A Lake County, Florida, Sheriff’s Office lieutenant is looking to change the way the community views law enforcement through the creation of a new podcast series dedicated to showcasing the men and women behind the badge.
Lieutenant Fred Jones, a 25-year law enforcement veteran, said his goal with the series is to rebuild trust between police and the public.
“We’re not far removed from the Civil Rights Movement, you know, where our job was to beat people who were peacefully marching,” Jones said. “What have we done in this profession to say, ‘This is not who we are anymore?’ People don’t just give you their trust. No, we have to earn this every single day.”
Jones’s podcast, It’s Alright With Fred Jones, available on Spotify, aims to explore the off-duty lives of officers through in-depth interviews and conversations. His latest series of episodes is titled “The Human Behind the Badge.”
“I want to talk about the human behind the badge, that’s a lot of what’s missing when we see law enforcement behavior on TV,” Jones explained.
The first episode featured Lake County Master Deputy Evan Rosenstein.
“We’re going to get into not so much his job but his personal life and who he is when he is not wearing the badge,” Jones told News 6.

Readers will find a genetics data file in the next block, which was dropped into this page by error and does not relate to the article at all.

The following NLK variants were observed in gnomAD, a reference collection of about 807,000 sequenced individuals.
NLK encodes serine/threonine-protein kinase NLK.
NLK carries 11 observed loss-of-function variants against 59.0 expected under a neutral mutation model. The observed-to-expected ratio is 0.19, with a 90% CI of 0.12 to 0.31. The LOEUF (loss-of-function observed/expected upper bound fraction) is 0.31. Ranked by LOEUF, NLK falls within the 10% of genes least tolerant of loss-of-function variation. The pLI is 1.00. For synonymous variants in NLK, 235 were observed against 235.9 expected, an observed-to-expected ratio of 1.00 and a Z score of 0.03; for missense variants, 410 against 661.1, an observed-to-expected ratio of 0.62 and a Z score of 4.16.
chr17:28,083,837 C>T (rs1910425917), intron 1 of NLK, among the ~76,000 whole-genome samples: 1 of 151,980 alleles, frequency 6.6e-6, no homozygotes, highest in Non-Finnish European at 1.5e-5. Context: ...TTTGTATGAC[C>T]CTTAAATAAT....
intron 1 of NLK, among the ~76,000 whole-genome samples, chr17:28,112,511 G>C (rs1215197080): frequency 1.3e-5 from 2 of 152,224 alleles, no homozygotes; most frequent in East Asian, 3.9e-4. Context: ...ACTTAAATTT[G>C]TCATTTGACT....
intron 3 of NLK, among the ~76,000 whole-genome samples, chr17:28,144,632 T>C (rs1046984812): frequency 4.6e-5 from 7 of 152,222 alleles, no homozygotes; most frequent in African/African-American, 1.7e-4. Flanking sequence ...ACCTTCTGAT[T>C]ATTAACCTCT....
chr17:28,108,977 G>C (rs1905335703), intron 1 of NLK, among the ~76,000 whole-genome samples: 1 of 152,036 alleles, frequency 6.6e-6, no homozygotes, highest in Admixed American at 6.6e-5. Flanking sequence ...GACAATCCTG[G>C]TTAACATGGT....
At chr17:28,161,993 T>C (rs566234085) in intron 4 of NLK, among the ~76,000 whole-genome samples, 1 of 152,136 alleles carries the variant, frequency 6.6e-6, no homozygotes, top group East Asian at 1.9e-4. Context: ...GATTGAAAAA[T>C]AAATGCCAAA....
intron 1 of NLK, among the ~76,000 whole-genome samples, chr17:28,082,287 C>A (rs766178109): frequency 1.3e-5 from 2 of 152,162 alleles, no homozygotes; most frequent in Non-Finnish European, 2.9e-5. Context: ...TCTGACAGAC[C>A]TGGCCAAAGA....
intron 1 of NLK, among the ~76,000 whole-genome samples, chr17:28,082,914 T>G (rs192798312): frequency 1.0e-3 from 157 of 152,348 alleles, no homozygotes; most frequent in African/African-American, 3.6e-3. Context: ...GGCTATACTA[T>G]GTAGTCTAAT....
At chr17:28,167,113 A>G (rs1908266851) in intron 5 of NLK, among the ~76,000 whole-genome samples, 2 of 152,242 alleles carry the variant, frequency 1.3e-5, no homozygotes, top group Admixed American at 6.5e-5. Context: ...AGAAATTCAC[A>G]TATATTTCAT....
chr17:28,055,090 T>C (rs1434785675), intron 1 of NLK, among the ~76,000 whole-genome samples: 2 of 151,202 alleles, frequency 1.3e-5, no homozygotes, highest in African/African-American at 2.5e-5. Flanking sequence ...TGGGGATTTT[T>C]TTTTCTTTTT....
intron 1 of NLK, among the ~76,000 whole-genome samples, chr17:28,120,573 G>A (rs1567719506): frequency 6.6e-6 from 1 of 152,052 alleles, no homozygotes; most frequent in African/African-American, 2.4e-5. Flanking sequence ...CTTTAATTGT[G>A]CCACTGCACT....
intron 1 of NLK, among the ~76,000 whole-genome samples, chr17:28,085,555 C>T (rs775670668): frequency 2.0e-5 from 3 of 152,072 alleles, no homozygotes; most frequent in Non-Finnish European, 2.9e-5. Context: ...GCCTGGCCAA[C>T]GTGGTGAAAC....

In the episode, Jones asked his colleague about his hobbies.
“I love glamping,” Rosenstein answered. “Camping but I’m going to have air conditioning. So, I get to do that with the family.”
Jones also asked Rosenstein about his dog.
“His name is Thanos, because I’m also a huge Marvel fan,” Rosenstein said. “He is a 100-pound baby that is terrified of cardboard even though he is a big bad 100-pound pit.”
Jones said that he wants the public to realize that officers have families and pets to get home to at the end of the day. He also said that one of his goals is to get officers to deal with mental health issues and trauma that they experience on the job.
“Imagine 12 hours of dealing with nothing but crises,” Jones said. “Since 2016, I do a lot of reading on mindfulness and stuff like that. Every time I left a call, I would get in my truck and do my breathing exercises, release all that negativity and then move on to the next call.”